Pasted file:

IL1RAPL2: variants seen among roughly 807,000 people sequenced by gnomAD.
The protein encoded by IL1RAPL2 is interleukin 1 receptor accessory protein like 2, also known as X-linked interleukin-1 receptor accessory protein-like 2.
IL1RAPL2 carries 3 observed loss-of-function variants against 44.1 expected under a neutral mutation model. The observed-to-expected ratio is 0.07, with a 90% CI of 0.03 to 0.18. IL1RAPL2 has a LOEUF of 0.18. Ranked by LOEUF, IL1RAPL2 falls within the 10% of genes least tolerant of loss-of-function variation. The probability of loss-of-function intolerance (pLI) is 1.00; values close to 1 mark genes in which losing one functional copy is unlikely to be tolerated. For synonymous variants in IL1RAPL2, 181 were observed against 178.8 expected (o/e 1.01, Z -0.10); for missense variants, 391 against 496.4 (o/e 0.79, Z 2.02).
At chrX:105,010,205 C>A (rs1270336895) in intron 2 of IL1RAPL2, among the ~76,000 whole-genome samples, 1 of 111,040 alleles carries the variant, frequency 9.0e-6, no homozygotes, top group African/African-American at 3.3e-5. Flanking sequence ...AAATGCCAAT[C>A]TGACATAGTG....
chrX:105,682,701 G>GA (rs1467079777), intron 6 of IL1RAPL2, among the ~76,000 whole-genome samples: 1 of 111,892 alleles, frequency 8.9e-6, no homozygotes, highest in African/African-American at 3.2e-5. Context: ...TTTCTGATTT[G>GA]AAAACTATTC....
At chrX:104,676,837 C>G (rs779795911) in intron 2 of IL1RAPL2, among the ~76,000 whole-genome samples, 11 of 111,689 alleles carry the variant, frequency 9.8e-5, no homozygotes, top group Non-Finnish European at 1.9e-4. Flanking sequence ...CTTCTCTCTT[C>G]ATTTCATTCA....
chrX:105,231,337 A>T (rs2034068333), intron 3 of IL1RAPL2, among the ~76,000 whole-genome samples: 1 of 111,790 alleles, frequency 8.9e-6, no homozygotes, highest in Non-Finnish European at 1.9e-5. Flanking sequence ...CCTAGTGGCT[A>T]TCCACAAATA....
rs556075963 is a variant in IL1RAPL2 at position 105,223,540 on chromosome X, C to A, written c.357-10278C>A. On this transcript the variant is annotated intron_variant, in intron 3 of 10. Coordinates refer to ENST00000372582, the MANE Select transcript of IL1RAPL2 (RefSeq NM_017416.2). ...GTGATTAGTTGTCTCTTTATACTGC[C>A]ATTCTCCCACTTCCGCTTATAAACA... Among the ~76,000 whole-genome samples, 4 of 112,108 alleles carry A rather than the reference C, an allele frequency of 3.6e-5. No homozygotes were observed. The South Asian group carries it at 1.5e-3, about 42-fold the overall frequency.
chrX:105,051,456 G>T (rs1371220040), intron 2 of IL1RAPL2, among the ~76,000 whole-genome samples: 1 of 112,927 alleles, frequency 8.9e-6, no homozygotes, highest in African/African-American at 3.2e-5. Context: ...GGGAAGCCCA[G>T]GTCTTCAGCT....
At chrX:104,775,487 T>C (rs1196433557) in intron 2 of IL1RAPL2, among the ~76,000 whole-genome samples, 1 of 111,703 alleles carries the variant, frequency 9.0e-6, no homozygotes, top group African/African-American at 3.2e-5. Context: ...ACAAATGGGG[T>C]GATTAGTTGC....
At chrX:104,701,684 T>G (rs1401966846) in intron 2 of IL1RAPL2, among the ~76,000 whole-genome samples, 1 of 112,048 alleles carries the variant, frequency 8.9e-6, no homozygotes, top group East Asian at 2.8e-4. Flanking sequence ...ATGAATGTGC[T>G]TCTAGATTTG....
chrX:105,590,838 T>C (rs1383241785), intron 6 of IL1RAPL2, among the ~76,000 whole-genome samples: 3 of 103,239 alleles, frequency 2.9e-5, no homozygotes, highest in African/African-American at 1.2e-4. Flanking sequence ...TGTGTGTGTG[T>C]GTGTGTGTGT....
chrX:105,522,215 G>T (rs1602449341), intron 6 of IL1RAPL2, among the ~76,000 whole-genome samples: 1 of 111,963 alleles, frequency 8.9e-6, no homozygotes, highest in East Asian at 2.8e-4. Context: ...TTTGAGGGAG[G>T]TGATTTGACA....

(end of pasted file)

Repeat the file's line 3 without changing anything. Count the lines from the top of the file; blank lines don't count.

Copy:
IL1RAPL2 carries 3 observed loss-of-function variants against 44.1 expected under a neutral mutation model. The observed-to-expected ratio is 0.07, with a 90% CI of 0.03 to 0.18. IL1RAPL2 has a LOEUF of 0.18. Ranked by LOEUF, IL1RAPL2 falls within the 10% of genes least tolerant of loss-of-function variation. The probability of loss-of-function intolerance (pLI) is 1.00; values close to 1 mark genes in which losing one functional copy is unlikely to be tolerated. For synonymous variants in IL1RAPL2, 181 were observed against 178.8 expected (o/e 1.01, Z -0.10); for missense variants, 391 against 496.4 (o/e 0.79, Z 2.02).